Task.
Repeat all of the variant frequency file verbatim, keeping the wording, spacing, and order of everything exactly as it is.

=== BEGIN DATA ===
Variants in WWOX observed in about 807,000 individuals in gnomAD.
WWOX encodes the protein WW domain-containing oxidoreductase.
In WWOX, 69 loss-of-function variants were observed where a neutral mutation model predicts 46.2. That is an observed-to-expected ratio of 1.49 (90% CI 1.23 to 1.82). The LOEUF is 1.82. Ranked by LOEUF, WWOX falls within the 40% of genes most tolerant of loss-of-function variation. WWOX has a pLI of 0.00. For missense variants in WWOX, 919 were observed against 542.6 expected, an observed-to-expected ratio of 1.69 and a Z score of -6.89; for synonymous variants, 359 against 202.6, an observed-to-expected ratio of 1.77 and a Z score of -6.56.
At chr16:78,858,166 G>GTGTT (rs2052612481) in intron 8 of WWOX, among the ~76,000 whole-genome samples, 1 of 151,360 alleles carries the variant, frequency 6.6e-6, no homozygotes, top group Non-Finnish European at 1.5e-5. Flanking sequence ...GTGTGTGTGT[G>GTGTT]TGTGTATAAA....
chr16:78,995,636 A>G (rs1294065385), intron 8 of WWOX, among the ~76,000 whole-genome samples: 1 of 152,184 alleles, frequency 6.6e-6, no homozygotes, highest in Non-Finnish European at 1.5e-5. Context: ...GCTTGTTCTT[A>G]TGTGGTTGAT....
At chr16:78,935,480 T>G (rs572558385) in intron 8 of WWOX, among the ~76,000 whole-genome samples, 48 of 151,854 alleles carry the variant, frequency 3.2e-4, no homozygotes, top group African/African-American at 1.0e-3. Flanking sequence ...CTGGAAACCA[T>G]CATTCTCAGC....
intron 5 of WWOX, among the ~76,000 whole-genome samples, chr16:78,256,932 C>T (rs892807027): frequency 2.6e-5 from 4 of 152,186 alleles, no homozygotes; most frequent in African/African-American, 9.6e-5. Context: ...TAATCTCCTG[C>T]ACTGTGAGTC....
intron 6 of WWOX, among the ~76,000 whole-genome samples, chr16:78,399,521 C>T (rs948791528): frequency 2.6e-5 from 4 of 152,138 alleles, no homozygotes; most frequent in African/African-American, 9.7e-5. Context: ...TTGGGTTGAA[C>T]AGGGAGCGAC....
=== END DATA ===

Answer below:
Variants in WWOX observed in about 807,000 individuals in gnomAD.
WWOX encodes the protein WW domain-containing oxidoreductase.
In WWOX, 69 loss-of-function variants were observed where a neutral mutation model predicts 46.2. That is an observed-to-expected ratio of 1.49 (90% CI 1.23 to 1.82). The LOEUF is 1.82. Ranked by LOEUF, WWOX falls within the 40% of genes most tolerant of loss-of-function variation. WWOX has a pLI of 0.00. For missense variants in WWOX, 919 were observed against 542.6 expected, an observed-to-expected ratio of 1.69 and a Z score of -6.89; for synonymous variants, 359 against 202.6, an observed-to-expected ratio of 1.77 and a Z score of -6.56.
At chr16:78,858,166 G>GTGTT (rs2052612481) in intron 8 of WWOX, among the ~76,000 whole-genome samples, 1 of 151,360 alleles carries the variant, frequency 6.6e-6, no homozygotes, top group Non-Finnish European at 1.5e-5. Flanking sequence ...GTGTGTGTGT[G>GTGTT]TGTGTATAAA....
chr16:78,995,636 A>G (rs1294065385), intron 8 of WWOX, among the ~76,000 whole-genome samples: 1 of 152,184 alleles, frequency 6.6e-6, no homozygotes, highest in Non-Finnish European at 1.5e-5. Context: ...GCTTGTTCTT[A>G]TGTGGTTGAT....
At chr16:78,935,480 T>G (rs572558385) in intron 8 of WWOX, among the ~76,000 whole-genome samples, 48 of 151,854 alleles carry the variant, frequency 3.2e-4, no homozygotes, top group African/African-American at 1.0e-3. Flanking sequence ...CTGGAAACCA[T>G]CATTCTCAGC....
intron 5 of WWOX, among the ~76,000 whole-genome samples, chr16:78,256,932 C>T (rs892807027): frequency 2.6e-5 from 4 of 152,186 alleles, no homozygotes; most frequent in African/African-American, 9.6e-5. Context: ...TAATCTCCTG[C>T]ACTGTGAGTC....
intron 6 of WWOX, among the ~76,000 whole-genome samples, chr16:78,399,521 C>T (rs948791528): frequency 2.6e-5 from 4 of 152,138 alleles, no homozygotes; most frequent in African/African-American, 9.7e-5. Context: ...TTGGGTTGAA[C>T]AGGGAGCGAC....